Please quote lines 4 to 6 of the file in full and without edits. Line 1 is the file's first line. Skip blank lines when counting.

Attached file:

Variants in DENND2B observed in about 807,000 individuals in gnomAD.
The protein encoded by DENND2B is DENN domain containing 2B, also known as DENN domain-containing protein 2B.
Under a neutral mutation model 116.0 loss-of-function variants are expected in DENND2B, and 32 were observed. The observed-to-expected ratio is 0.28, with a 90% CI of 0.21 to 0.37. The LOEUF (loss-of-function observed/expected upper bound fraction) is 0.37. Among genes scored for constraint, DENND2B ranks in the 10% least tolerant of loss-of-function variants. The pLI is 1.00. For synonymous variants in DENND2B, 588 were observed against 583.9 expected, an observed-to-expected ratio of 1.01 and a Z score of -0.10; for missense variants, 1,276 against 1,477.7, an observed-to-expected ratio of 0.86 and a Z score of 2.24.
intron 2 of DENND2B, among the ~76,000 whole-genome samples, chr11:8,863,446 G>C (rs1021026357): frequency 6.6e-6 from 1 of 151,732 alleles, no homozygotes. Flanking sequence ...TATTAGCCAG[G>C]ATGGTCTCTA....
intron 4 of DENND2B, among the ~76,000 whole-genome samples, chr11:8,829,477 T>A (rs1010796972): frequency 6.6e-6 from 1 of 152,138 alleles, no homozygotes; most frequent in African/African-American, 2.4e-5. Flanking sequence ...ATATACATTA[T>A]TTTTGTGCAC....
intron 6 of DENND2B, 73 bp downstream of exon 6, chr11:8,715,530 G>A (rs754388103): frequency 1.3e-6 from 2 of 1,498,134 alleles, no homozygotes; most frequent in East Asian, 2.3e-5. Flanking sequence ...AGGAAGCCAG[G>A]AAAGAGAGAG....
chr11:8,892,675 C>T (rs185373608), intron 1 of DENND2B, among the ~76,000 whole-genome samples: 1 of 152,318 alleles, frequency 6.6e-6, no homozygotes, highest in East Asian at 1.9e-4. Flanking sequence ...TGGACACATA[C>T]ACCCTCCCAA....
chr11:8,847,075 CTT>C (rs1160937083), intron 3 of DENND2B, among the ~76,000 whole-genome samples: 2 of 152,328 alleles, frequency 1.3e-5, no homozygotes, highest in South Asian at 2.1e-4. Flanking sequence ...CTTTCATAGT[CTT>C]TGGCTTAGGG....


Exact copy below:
intron 2 of DENND2B, among the ~76,000 whole-genome samples, chr11:8,863,446 G>C (rs1021026357): frequency 6.6e-6 from 1 of 151,732 alleles, no homozygotes. Flanking sequence ...TATTAGCCAG[G>C]ATGGTCTCTA....
intron 4 of DENND2B, among the ~76,000 whole-genome samples, chr11:8,829,477 T>A (rs1010796972): frequency 6.6e-6 from 1 of 152,138 alleles, no homozygotes; most frequent in African/African-American, 2.4e-5. Flanking sequence ...ATATACATTA[T>A]TTTTGTGCAC....
intron 6 of DENND2B, 73 bp downstream of exon 6, chr11:8,715,530 G>A (rs754388103): frequency 1.3e-6 from 2 of 1,498,134 alleles, no homozygotes; most frequent in East Asian, 2.3e-5. Flanking sequence ...AGGAAGCCAG[G>A]AAAGAGAGAG....